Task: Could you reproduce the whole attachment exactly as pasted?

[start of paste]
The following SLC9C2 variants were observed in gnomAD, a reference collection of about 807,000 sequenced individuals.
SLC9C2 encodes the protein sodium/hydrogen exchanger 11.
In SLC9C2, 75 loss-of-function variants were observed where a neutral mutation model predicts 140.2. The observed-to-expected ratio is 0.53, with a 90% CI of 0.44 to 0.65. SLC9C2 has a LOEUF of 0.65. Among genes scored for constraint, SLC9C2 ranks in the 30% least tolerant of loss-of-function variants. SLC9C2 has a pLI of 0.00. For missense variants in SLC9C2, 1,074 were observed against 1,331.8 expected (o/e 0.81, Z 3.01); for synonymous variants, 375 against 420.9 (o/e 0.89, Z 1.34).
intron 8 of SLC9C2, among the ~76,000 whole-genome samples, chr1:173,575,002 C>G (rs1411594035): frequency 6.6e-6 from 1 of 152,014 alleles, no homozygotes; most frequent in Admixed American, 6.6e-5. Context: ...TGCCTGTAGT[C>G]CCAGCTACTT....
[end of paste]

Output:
The following SLC9C2 variants were observed in gnomAD, a reference collection of about 807,000 sequenced individuals.
SLC9C2 encodes the protein sodium/hydrogen exchanger 11.
In SLC9C2, 75 loss-of-function variants were observed where a neutral mutation model predicts 140.2. The observed-to-expected ratio is 0.53, with a 90% CI of 0.44 to 0.65. SLC9C2 has a LOEUF of 0.65. Among genes scored for constraint, SLC9C2 ranks in the 30% least tolerant of loss-of-function variants. SLC9C2 has a pLI of 0.00. For missense variants in SLC9C2, 1,074 were observed against 1,331.8 expected (o/e 0.81, Z 3.01); for synonymous variants, 375 against 420.9 (o/e 0.89, Z 1.34).
intron 8 of SLC9C2, among the ~76,000 whole-genome samples, chr1:173,575,002 C>G (rs1411594035): frequency 6.6e-6 from 1 of 152,014 alleles, no homozygotes; most frequent in Admixed American, 6.6e-5. Context: ...TGCCTGTAGT[C>G]CCAGCTACTT....